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MICHIGAN STORIES
Pushing the Limits of Good Taste
Pushing the Limits of Good Taste Artist Ian Hubert's comic, Pen Pal, is on display at the Work Gallery in Detroit.
Lots of people point to Detroit as ground zero for post-industrial decline, making the city the butt of a national joke. So some artists in Detroit are taking that joke and turning on its head. Lots of people point to Detroit as ground zero for post-industrial decline. For many, the city has become the butt of a national joke. So some artists in Detroit are taking that joke and turning on its head.

Did you hear the one about Henry Ford writing a letter to Hitler? That's the kind of joke on display now at the Work Gallery in Detroit. The gallery's new show is called FUNNY (not funny). It's a show of dark humor, where artists push the limits of good taste.

Detroit resident Gary Schwartz says his favorite piece is by comic artist Ian Huebert. The piece is called "Pen Pal." It's a drawing of auto icon Henry Ford. He's sitting in his office at the River Rouge plant, about to write a letter, and he's got an intense look on his face. There's a thought bubble above his head. It reads "Dear Hitler."

"It's one of the simplest pieces in the whole show," explains Schwartz, "and this one speaks volumes. This says everything one needs to know about the history of Detroit."

The piece exposes Ford's real-life back and forth with Nazi officials. And that's not all. Schwartz says the piece also points out how Ford and other industrial leaders have contradicted their own calls for self-sufficiency.

"Absolutely," says Schwartz, "because he was a farmer, and his whole idea with everything is we're gonna do it ourselves. It was the world's largest industrial plant. We just lost our way, we outsourced everything."

In that way Schwartz is doing exactly what the show's organizers had hoped: He's thinking critically about the piece.

Ryan Standfest is the curator of FUNNY (not funny). He's interested in pinpointing that line within a joke that separates comedy from tragedy. He says that nothing is sacred in the work of dark humorists, including Detroit's economic hard times.

"Certainly Detroit is convulsing right now," says Standfest, "it's going through a great deal of difficulty. Humor is a great way to deal with that difficulty, to come to terms with it, to break through the other side of it."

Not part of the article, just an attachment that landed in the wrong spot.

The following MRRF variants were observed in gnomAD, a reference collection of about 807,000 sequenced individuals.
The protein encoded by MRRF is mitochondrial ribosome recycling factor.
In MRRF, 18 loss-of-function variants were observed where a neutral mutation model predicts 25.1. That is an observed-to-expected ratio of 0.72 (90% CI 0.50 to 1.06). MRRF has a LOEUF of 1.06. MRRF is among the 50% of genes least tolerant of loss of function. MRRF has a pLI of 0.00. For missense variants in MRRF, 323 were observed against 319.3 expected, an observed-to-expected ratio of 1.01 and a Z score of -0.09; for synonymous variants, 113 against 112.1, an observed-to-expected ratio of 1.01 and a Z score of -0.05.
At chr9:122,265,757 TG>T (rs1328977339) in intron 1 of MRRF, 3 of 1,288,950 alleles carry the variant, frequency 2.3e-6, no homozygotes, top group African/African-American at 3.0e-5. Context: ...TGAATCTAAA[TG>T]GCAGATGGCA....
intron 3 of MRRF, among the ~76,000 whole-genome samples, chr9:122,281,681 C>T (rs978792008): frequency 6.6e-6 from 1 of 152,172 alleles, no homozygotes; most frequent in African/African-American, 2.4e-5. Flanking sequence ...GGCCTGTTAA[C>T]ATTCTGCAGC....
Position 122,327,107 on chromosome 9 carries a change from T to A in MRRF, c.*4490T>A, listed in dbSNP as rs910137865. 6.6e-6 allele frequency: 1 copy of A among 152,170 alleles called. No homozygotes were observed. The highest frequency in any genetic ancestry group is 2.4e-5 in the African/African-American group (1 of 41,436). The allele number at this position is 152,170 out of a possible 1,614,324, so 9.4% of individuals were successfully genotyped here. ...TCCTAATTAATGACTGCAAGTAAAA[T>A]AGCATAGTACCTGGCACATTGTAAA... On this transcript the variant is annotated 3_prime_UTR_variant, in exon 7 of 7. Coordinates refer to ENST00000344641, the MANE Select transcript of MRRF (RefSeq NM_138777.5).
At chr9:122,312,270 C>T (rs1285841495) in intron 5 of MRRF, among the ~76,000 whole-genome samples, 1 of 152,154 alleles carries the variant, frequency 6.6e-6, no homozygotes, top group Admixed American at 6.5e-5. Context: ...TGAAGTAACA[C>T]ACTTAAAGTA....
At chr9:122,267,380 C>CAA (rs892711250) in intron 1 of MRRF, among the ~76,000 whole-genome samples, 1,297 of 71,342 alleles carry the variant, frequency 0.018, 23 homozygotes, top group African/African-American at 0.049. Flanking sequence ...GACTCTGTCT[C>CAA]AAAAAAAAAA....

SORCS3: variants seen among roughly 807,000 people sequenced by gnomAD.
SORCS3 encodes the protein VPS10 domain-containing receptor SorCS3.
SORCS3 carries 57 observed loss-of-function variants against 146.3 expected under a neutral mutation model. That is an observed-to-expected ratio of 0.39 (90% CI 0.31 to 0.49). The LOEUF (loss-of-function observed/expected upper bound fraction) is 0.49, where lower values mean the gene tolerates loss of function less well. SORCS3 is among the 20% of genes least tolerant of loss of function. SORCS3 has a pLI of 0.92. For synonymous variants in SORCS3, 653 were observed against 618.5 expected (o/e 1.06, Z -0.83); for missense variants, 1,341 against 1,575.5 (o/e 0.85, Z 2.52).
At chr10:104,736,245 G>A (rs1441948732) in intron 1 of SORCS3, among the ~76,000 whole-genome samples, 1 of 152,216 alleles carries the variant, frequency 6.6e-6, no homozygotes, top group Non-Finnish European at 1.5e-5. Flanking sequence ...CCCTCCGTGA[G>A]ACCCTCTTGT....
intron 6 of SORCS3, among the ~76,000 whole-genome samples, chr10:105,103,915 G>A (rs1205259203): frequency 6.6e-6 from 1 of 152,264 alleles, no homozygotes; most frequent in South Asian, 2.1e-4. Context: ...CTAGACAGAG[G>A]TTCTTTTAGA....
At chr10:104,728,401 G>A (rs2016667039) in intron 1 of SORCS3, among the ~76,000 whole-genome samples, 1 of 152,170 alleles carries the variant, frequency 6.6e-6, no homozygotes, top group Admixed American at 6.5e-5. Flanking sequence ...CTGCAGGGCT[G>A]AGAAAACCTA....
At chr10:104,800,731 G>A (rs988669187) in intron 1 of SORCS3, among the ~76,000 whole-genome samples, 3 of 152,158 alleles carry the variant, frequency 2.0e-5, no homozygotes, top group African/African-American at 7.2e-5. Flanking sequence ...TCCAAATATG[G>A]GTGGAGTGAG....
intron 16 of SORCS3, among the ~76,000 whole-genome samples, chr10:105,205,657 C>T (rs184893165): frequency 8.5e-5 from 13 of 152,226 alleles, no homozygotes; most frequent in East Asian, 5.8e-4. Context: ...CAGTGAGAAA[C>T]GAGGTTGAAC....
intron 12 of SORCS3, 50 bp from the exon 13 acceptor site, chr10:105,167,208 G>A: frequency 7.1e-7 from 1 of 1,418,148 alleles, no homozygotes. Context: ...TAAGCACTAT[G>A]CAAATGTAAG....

Standfest says what's on the other side depends on who sees the art and questions whether it's hilarious or horrific. That's the potential of dark humor. It can shock, it can challenge, it can sometimes make you squeamish.

But to be truly successful, dark humor should do more than get people talking. Artist Dave Fischer says it should also promote action:

"I think that leads to good things, it leads to people thinking about alternative solutions. Again, getting out of that mindset of just focusing on all the negatives, where can we go from there?"

For the show, Fischer cast the General Motors logo in a 3D concrete block with blades of lush real grass growing out from the letters. He calls the piece "Green GM." Fischer wanted to capture the feeling that a greener future is possible for the auto giant. But he also uses concrete to mock the company, as if to say they've hit rock bottom.

This is the first time Fisher has used organic materials like grass in a sculpture: He tried something new, took a risk. That's something he'd like to see big corporations like GM do.

"It was kinda like a gamble as to what would happen," says Fischer. "You plant these grass seeds and you water them and you wait. It kind of depends on what the show curator wants to do."

If the curator waters the grass, it'll grow. If not, it'll probably die. But either way, there's a possibility of hope in this dark humor. To that end, the artists at FUNNY (not funny) aren't just taking potshots at Detroit's decline. They want to see the city grow again.